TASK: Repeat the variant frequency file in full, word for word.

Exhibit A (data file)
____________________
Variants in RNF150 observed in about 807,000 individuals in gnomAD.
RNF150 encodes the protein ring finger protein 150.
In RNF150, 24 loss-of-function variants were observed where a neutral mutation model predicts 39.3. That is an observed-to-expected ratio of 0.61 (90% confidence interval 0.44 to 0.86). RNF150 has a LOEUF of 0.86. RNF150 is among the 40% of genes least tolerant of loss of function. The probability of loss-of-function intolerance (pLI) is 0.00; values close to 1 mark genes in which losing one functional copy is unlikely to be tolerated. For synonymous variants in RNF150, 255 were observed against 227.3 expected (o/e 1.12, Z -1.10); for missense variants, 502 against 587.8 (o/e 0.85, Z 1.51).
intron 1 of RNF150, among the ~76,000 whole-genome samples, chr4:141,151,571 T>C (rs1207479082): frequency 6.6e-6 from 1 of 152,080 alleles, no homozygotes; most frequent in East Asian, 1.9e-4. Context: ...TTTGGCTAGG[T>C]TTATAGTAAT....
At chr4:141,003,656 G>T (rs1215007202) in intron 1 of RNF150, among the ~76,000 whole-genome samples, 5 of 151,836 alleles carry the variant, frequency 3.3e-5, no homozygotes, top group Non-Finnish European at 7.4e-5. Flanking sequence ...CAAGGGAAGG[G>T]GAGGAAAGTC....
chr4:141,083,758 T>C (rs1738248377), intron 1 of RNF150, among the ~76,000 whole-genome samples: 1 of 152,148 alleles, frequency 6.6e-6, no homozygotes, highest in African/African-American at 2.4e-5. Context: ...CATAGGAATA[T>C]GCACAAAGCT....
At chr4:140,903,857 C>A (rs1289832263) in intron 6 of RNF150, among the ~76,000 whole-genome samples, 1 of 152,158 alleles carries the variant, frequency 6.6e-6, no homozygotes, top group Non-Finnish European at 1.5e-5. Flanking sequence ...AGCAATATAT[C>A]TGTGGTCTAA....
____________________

Variants in RNF150 observed in about 807,000 individuals in gnomAD.
RNF150 encodes the protein ring finger protein 150.
In RNF150, 24 loss-of-function variants were observed where a neutral mutation model predicts 39.3. That is an observed-to-expected ratio of 0.61 (90% confidence interval 0.44 to 0.86). RNF150 has a LOEUF of 0.86. RNF150 is among the 40% of genes least tolerant of loss of function. The probability of loss-of-function intolerance (pLI) is 0.00; values close to 1 mark genes in which losing one functional copy is unlikely to be tolerated. For synonymous variants in RNF150, 255 were observed against 227.3 expected (o/e 1.12, Z -1.10); for missense variants, 502 against 587.8 (o/e 0.85, Z 1.51).
intron 1 of RNF150, among the ~76,000 whole-genome samples, chr4:141,151,571 T>C (rs1207479082): frequency 6.6e-6 from 1 of 152,080 alleles, no homozygotes; most frequent in East Asian, 1.9e-4. Context: ...TTTGGCTAGG[T>C]TTATAGTAAT....
At chr4:141,003,656 G>T (rs1215007202) in intron 1 of RNF150, among the ~76,000 whole-genome samples, 5 of 151,836 alleles carry the variant, frequency 3.3e-5, no homozygotes, top group Non-Finnish European at 7.4e-5. Flanking sequence ...CAAGGGAAGG[G>T]GAGGAAAGTC....
chr4:141,083,758 T>C (rs1738248377), intron 1 of RNF150, among the ~76,000 whole-genome samples: 1 of 152,148 alleles, frequency 6.6e-6, no homozygotes, highest in African/African-American at 2.4e-5. Context: ...CATAGGAATA[T>C]GCACAAAGCT....
At chr4:140,903,857 C>A (rs1289832263) in intron 6 of RNF150, among the ~76,000 whole-genome samples, 1 of 152,158 alleles carries the variant, frequency 6.6e-6, no homozygotes, top group Non-Finnish European at 1.5e-5. Flanking sequence ...AGCAATATAT[C>A]TGTGGTCTAA....